78. I generally think the best of people around me.
  79. I guess I'm a bit naive, then, because people can be incredibly mean-spirited.
  80. Even when you're related to them.
  81. I've come to accept that the definition of family sometimes has little to do with genetic relationship.
  82. Life's too short to waste on folks who don't matter.
  83. It's tough enough finding the time to spend with people who do.
  84. I wish judging yourself would be a prerequisite for judging others.
  85. People who don't read really bug me.
  86. We have a "No Solicitors" sign on our front door, right at eye level.
  87. Yet we still get solicitors. Lots of them. Imagine that.
  88. I respect those who choose to follow other faiths. I think believing in something, whatever that "something" is, is a good thing for humanity.
  89. I lose respect for those who take it upon themselves to convince the rest of us that "their" faith is somehow the "best" one.
  90. I lose even more respect when these people attempt to do their convincing on my front doorstep. Remember that reading thing in items 84 & 85.
  91. Sometimes I think I'm the only person on the planet who thinks Disney is a sham, a cult, an excuse to hoover dollars from the pockets of unsuspecting members of the middle class.
  92. I believe Mickey Mouse and his minions should be euthanized.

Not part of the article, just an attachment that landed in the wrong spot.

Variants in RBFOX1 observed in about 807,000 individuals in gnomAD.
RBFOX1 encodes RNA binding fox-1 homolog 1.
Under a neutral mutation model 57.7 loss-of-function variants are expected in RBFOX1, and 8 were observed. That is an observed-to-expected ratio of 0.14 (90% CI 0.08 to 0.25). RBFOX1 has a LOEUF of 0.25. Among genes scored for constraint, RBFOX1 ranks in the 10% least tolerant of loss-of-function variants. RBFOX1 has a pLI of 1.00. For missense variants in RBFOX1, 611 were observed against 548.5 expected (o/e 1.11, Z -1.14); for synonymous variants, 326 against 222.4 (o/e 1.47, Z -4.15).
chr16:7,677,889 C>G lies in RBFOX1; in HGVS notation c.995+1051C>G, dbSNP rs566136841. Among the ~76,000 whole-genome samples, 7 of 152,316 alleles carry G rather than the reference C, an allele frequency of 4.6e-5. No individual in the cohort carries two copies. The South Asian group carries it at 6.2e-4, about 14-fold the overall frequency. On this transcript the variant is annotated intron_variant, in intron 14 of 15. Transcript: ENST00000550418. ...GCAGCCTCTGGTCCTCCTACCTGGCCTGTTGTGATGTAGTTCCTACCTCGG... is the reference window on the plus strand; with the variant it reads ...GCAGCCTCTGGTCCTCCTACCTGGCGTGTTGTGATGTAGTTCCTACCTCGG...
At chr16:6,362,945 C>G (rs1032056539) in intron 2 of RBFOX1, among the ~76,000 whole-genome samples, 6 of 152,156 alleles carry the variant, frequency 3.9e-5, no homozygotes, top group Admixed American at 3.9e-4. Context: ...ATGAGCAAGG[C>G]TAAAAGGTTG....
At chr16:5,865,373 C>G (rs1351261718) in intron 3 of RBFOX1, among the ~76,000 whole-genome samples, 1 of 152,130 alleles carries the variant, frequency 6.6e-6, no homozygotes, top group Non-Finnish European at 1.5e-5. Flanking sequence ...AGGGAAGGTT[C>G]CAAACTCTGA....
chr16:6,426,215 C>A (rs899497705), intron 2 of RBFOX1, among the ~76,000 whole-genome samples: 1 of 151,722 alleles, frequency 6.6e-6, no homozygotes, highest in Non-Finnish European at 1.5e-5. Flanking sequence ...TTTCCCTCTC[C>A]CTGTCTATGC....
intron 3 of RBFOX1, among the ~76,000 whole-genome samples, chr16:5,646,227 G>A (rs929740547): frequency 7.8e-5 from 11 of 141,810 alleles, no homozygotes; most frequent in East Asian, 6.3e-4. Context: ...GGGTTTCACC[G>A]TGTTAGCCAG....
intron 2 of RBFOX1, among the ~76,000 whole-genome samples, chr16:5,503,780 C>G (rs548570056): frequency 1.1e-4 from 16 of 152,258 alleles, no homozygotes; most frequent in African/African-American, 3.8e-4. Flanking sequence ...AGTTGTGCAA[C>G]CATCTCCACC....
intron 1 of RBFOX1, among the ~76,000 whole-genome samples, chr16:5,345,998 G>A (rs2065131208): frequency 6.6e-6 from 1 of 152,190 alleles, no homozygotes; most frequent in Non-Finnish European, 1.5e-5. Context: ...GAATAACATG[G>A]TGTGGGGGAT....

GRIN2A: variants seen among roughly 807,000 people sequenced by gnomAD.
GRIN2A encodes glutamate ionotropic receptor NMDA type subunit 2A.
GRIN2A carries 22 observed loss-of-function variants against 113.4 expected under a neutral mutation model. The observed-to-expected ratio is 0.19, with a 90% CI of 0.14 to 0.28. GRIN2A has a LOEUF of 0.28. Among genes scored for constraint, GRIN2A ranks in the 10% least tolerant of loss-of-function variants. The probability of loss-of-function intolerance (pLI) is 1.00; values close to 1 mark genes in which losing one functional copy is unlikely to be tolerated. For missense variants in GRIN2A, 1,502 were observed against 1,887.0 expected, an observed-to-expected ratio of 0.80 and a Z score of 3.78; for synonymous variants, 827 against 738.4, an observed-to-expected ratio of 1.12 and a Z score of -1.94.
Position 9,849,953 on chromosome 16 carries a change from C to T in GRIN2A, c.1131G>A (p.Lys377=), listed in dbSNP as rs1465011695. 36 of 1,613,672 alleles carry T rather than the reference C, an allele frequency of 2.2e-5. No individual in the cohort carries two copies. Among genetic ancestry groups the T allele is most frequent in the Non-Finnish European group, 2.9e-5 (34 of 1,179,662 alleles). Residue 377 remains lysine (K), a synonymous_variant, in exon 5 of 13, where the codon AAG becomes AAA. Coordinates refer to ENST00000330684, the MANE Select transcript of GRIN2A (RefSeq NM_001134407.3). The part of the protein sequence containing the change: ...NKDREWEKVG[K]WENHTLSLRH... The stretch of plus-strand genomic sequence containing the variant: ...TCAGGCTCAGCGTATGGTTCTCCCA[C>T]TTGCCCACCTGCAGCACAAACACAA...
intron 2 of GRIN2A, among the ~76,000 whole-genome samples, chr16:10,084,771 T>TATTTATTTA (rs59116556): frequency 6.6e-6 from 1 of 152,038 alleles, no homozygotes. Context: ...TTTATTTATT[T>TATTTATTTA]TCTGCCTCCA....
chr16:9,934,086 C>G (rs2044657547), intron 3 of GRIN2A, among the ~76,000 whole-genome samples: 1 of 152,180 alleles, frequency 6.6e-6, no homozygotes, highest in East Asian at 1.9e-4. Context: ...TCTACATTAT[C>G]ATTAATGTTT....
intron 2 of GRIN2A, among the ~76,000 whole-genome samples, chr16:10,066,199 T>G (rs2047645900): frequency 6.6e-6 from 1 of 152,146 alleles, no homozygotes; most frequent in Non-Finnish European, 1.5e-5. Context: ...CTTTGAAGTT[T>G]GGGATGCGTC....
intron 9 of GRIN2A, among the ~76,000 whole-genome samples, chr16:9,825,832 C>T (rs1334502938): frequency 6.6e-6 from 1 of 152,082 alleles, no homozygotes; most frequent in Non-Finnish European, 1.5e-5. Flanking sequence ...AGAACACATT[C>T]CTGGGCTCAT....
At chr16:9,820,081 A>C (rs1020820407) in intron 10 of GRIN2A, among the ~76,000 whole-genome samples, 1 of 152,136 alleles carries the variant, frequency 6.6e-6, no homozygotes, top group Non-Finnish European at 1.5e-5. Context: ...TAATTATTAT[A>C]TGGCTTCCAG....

93. And Barney.
  94. And Dora the Explorer. And...
  95. I wear my clothes a little big.
  96. That's because I hate feeling them on my skin.
  97. It bothers my wife. She says this makes me look like a little boy sometimes.
  98. I'm starting to buy smaller sizes, but it's a struggle.
  99. I wear a large red-hooded sweatshirt when I'm writing at home.
  100. Comfort foods and comfort clothes go together. Growing up in a cold climate does that to ya.
  101. Oops, out of space. For now...
Your turn: Thoughts? I believe there may yet be more "100 Things" lists in me. Stay tuned...

Update - Sep. 22, 2012: Indeed, there was at least one new list in me. #3 is now

Wednesday, December 26, 2007

Art appreciation 101

She observes
London, ON, December 2007

Sometimes, I like to sit back and watch my kids as they figure out the world around them. It gives me perspective. It also gives me a chance to see whether I'm ruining them with my somewhat unconventional approach to parenting.

So far, they seem to be evolving well - doubtless a result of my wife's influence. To wit, this scene where my daughter learned about the magic of art and the joy of taking a quiet moment to stare and think. As I stood behind her and tried to record the simple scene, I wished for many more opportunities to look over our kids' shoulders in the years to come.